In this series, Healthcare Design asks leading healthcare design professionals, firms, and owners to tell us what’s got their attention and share some ideas on the subject.

Barbara Wagner is senior vice president at Clark Construction Group-California (Irvine, Calif.). Here, Wagner shares her thoughts on tapping the wisdom of focus groups, the growing need for speed in bringing new healthcare facilities online, and how resiliency considerations can turn design on its head.

1. Collaboration and integration

A highly collaborative approach to building—one that’s inclusive of not only design, construction, and hospital facilities personnel, but also physicians, staff, and patients—yields a superior healthcare facility that promotes efficiency and fosters healing. Early inclusion in collaborative design sessions ensures that the finished facility meets the needs of its end-users. This all-inclusive approach sets the tone and structure for how team members impart and share knowledge and work together in a transparent environment focused on the project’s ultimate success. It also helps patients become partners in their care, as high levels of patient engagement make them more likely to follow up with their doctors, continue their medication, and maintain healthy living practices.

2. Always be innovating

In healthcare construction and design, we look for ways to be innovative while also working within the confines of the industry’s strict code requirements. For example, in the recently completed Southeast Louisiana Veterans Replacement Hospital in New Orleans, a major challenge was designing the facility to be able to remain fully operational during a storm or natural disaster and meet the Veterans Affairs’ antiterrorism security requirements. A shatterproof-glass façade was used that does double-duty by protecting occupants from the impact of an explosion or the 129 mph winds of a Category 3 hurricane. This facility blazes a new trail in terms of how to create a resilient facility and how to integrate that with the VA’s security standards.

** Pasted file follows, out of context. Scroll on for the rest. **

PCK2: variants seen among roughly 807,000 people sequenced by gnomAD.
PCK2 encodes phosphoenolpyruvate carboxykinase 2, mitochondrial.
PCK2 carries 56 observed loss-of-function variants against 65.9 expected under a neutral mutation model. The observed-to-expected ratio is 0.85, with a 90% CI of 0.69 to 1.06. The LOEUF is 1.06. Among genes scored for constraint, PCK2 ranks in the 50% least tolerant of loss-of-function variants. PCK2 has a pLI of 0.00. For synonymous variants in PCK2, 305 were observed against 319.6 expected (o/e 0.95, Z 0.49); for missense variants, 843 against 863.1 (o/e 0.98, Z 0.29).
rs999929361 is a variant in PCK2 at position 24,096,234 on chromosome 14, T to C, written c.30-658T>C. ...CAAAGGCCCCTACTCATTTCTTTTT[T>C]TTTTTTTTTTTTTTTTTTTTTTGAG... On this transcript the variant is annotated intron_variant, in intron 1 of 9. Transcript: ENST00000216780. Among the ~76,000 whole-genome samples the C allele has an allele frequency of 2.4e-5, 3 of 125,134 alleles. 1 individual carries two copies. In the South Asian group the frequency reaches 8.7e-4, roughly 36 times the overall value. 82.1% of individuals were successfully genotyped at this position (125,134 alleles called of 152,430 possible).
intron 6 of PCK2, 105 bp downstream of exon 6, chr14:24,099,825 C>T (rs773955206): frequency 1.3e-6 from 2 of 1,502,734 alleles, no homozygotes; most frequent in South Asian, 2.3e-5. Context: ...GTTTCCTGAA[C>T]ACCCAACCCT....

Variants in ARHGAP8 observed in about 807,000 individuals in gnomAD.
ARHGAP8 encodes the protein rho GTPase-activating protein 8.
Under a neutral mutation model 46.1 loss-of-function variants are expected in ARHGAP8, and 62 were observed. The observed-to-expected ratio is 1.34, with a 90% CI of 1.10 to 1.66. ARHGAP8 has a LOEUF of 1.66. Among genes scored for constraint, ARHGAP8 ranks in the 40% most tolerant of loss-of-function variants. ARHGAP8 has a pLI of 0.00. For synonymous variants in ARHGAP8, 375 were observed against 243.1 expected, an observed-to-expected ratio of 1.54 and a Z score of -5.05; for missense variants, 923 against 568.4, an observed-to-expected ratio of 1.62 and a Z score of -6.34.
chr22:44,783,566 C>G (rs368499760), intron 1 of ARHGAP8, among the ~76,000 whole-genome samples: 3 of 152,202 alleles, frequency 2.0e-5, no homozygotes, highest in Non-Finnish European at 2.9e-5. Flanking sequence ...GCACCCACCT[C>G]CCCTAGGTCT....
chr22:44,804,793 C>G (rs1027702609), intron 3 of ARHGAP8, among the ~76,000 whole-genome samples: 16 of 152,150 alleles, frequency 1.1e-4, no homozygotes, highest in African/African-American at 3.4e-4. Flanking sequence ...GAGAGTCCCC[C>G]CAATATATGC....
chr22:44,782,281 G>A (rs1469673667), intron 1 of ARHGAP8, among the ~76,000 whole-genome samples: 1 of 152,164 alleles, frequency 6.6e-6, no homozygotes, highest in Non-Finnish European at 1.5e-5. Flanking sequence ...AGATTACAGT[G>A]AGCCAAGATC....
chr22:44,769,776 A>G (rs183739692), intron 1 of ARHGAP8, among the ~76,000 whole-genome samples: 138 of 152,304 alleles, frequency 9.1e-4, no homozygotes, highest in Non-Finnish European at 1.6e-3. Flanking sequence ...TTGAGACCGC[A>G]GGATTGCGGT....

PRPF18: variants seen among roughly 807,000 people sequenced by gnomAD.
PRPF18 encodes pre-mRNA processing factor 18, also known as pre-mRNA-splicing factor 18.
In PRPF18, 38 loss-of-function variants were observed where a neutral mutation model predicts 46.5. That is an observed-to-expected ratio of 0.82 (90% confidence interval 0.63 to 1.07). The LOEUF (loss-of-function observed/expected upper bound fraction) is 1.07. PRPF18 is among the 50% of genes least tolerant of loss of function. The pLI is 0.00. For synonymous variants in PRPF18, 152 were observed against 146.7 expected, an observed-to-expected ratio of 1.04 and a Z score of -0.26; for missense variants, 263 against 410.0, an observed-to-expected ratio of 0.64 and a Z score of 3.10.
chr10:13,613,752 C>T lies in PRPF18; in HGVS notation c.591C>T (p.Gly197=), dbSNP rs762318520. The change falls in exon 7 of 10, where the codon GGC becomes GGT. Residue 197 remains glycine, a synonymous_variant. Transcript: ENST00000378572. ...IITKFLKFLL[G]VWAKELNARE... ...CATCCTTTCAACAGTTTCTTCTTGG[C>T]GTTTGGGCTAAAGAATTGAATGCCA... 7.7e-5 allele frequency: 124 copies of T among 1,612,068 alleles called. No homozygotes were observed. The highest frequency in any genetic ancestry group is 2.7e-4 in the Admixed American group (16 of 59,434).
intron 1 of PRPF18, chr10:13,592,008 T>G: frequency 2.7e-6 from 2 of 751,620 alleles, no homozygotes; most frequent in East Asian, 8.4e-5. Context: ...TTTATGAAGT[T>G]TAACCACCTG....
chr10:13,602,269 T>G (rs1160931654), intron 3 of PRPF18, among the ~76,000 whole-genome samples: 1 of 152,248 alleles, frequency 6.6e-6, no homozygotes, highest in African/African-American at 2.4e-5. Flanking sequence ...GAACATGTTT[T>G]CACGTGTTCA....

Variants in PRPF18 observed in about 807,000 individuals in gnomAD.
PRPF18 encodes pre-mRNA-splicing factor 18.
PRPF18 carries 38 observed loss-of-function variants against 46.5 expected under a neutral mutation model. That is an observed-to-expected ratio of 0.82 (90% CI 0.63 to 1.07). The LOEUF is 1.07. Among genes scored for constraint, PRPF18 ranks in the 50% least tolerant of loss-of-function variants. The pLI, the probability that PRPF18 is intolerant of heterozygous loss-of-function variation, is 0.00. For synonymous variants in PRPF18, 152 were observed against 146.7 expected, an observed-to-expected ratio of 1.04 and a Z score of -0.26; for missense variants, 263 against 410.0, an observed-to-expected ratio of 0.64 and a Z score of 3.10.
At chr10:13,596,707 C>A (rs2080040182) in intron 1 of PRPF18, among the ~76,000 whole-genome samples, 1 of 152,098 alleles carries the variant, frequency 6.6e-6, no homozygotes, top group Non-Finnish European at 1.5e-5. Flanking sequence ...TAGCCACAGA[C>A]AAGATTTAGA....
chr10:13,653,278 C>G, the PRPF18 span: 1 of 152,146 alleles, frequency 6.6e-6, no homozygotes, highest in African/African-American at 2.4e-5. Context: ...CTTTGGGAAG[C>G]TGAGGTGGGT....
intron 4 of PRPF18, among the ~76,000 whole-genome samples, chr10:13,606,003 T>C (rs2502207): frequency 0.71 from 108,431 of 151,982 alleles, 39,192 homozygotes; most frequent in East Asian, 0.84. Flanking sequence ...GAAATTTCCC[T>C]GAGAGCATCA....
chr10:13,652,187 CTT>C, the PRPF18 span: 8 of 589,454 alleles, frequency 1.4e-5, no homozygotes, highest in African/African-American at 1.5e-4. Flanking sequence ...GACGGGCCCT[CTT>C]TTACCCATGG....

3. Speed to market

Owners’ expectations related to speed to market continue to grow, requiring design and construction firms to identify and deploy new and innovative measures faster than ever before, without compromising on quality. For a hospital replacement wing project for Ventura County Medical Center in Ventura, Calif., Clark Design-Build, OSHPD, and Ventura County implemented a collaborative design-build approach that allowed them to deliver an accelerated delivery schedule. By phasing the project, the design, permitting, and construction could progress incrementally, which enabled construction activities to commence as soon as a sufficient design was in place—well before the overall design was completed and approved. Through this approach, the project went from programming to completion in four years—record speed for a California acute care hospital.

4. Value to the community

As Healthcare Design editor-in-chief Jennifer Kovacs Silvis wrote, “… healthcare facilities are becoming anchors of communities rather than outliers, opening doors to neighbors and supporting healthy initiatives—all in an effort to keep people well rather than treat illness.” We see this throughout the country with hospitals demonstrating leadership in health promotion by hosting farmers’ markets on their campuses as a way to make fresh, locally grown produce and other foods more readily available. These efforts also help strengthen local economies and communities—ultimately strengthening both the hospital’s mission as a community institution and the community’s ability to sustain its own population healthfully.

5. Flexibility

As the healthcare model continues to evolve, designing in flexibility is a necessary best practice. This requires stakeholders to think about the facility’s immediate requirements and look ahead to anticipate future needs, so that changes can be done without significantly impacting the design or facility. Among the considerations to plan for are: adding updated medical equipment and new technologies; incorporating modularity in the design to create larger or smaller spaces when needed; designing departmental adjacencies to enable one department to grow into another depending on future needs; and incorporating shell spaces, which can help reduce future renovation costs.

Want to share your Top 5? Contact executive editor Anne DiNardo at for submission instructions.